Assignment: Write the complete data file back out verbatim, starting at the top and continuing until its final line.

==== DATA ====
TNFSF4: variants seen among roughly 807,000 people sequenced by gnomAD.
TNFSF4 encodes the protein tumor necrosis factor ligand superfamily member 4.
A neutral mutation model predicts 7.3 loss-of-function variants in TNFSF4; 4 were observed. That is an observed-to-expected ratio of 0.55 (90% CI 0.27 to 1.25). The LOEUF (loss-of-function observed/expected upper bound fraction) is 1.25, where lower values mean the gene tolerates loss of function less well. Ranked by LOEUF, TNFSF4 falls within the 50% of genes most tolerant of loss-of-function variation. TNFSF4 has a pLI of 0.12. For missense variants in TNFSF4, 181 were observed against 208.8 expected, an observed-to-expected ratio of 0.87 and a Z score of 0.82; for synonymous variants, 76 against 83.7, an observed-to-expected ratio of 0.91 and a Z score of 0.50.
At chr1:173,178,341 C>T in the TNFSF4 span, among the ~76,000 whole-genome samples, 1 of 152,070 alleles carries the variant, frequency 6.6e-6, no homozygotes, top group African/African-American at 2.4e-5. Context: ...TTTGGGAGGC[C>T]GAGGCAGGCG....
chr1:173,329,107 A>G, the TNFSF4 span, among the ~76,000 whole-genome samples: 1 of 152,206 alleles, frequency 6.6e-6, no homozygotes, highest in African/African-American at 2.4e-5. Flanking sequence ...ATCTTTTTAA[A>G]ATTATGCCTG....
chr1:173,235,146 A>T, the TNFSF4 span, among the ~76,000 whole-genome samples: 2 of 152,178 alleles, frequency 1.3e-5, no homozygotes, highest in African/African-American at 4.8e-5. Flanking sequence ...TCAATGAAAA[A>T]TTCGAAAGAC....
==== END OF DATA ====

TNFSF4: variants seen among roughly 807,000 people sequenced by gnomAD.
TNFSF4 encodes the protein tumor necrosis factor ligand superfamily member 4.
A neutral mutation model predicts 7.3 loss-of-function variants in TNFSF4; 4 were observed. That is an observed-to-expected ratio of 0.55 (90% CI 0.27 to 1.25). The LOEUF (loss-of-function observed/expected upper bound fraction) is 1.25, where lower values mean the gene tolerates loss of function less well. Ranked by LOEUF, TNFSF4 falls within the 50% of genes most tolerant of loss-of-function variation. TNFSF4 has a pLI of 0.12. For missense variants in TNFSF4, 181 were observed against 208.8 expected, an observed-to-expected ratio of 0.87 and a Z score of 0.82; for synonymous variants, 76 against 83.7, an observed-to-expected ratio of 0.91 and a Z score of 0.50.
At chr1:173,178,341 C>T in the TNFSF4 span, among the ~76,000 whole-genome samples, 1 of 152,070 alleles carries the variant, frequency 6.6e-6, no homozygotes, top group African/African-American at 2.4e-5. Context: ...TTTGGGAGGC[C>T]GAGGCAGGCG....
chr1:173,329,107 A>G, the TNFSF4 span, among the ~76,000 whole-genome samples: 1 of 152,206 alleles, frequency 6.6e-6, no homozygotes, highest in African/African-American at 2.4e-5. Flanking sequence ...ATCTTTTTAA[A>G]ATTATGCCTG....
chr1:173,235,146 A>T, the TNFSF4 span, among the ~76,000 whole-genome samples: 2 of 152,178 alleles, frequency 1.3e-5, no homozygotes, highest in African/African-American at 4.8e-5. Flanking sequence ...TCAATGAAAA[A>T]TTCGAAAGAC....